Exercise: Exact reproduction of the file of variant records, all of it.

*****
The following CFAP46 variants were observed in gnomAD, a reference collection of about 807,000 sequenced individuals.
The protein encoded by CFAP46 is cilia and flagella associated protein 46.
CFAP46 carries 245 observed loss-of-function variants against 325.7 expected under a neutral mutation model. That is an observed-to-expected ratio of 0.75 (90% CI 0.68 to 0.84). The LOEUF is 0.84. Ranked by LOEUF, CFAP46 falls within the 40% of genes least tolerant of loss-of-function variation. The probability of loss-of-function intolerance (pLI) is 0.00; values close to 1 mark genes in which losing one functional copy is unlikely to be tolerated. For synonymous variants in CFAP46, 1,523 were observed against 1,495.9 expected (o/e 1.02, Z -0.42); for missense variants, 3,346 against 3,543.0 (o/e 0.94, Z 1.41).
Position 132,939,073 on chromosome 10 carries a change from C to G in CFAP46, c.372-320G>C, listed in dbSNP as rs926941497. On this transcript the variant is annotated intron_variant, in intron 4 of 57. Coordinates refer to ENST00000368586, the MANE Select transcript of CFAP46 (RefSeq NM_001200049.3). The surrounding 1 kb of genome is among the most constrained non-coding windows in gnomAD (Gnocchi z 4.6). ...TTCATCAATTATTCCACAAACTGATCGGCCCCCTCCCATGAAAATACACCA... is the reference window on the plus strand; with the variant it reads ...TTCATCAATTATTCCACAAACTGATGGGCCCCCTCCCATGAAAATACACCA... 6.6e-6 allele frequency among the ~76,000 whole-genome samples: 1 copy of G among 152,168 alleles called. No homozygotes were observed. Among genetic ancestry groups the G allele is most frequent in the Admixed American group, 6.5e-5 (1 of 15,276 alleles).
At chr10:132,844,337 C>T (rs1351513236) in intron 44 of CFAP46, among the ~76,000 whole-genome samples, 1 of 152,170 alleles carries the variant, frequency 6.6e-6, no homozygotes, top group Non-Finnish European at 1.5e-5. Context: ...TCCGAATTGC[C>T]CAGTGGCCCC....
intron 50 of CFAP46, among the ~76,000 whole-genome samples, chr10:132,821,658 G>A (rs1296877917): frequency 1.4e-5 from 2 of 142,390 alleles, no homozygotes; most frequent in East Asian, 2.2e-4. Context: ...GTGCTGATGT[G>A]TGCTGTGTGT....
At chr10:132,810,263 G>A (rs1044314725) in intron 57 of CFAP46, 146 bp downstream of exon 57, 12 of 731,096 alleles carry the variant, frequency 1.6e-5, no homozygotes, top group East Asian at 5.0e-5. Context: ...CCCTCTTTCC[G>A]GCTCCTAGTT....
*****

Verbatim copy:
The following CFAP46 variants were observed in gnomAD, a reference collection of about 807,000 sequenced individuals.
The protein encoded by CFAP46 is cilia and flagella associated protein 46.
CFAP46 carries 245 observed loss-of-function variants against 325.7 expected under a neutral mutation model. That is an observed-to-expected ratio of 0.75 (90% CI 0.68 to 0.84). The LOEUF is 0.84. Ranked by LOEUF, CFAP46 falls within the 40% of genes least tolerant of loss-of-function variation. The probability of loss-of-function intolerance (pLI) is 0.00; values close to 1 mark genes in which losing one functional copy is unlikely to be tolerated. For synonymous variants in CFAP46, 1,523 were observed against 1,495.9 expected (o/e 1.02, Z -0.42); for missense variants, 3,346 against 3,543.0 (o/e 0.94, Z 1.41).
Position 132,939,073 on chromosome 10 carries a change from C to G in CFAP46, c.372-320G>C, listed in dbSNP as rs926941497. On this transcript the variant is annotated intron_variant, in intron 4 of 57. Coordinates refer to ENST00000368586, the MANE Select transcript of CFAP46 (RefSeq NM_001200049.3). The surrounding 1 kb of genome is among the most constrained non-coding windows in gnomAD (Gnocchi z 4.6). ...TTCATCAATTATTCCACAAACTGATCGGCCCCCTCCCATGAAAATACACCA... is the reference window on the plus strand; with the variant it reads ...TTCATCAATTATTCCACAAACTGATGGGCCCCCTCCCATGAAAATACACCA... 6.6e-6 allele frequency among the ~76,000 whole-genome samples: 1 copy of G among 152,168 alleles called. No homozygotes were observed. Among genetic ancestry groups the G allele is most frequent in the Admixed American group, 6.5e-5 (1 of 15,276 alleles).
At chr10:132,844,337 C>T (rs1351513236) in intron 44 of CFAP46, among the ~76,000 whole-genome samples, 1 of 152,170 alleles carries the variant, frequency 6.6e-6, no homozygotes, top group Non-Finnish European at 1.5e-5. Context: ...TCCGAATTGC[C>T]CAGTGGCCCC....
intron 50 of CFAP46, among the ~76,000 whole-genome samples, chr10:132,821,658 G>A (rs1296877917): frequency 1.4e-5 from 2 of 142,390 alleles, no homozygotes; most frequent in East Asian, 2.2e-4. Context: ...GTGCTGATGT[G>A]TGCTGTGTGT....
At chr10:132,810,263 G>A (rs1044314725) in intron 57 of CFAP46, 146 bp downstream of exon 57, 12 of 731,096 alleles carry the variant, frequency 1.6e-5, no homozygotes, top group East Asian at 5.0e-5. Context: ...CCCTCTTTCC[G>A]GCTCCTAGTT....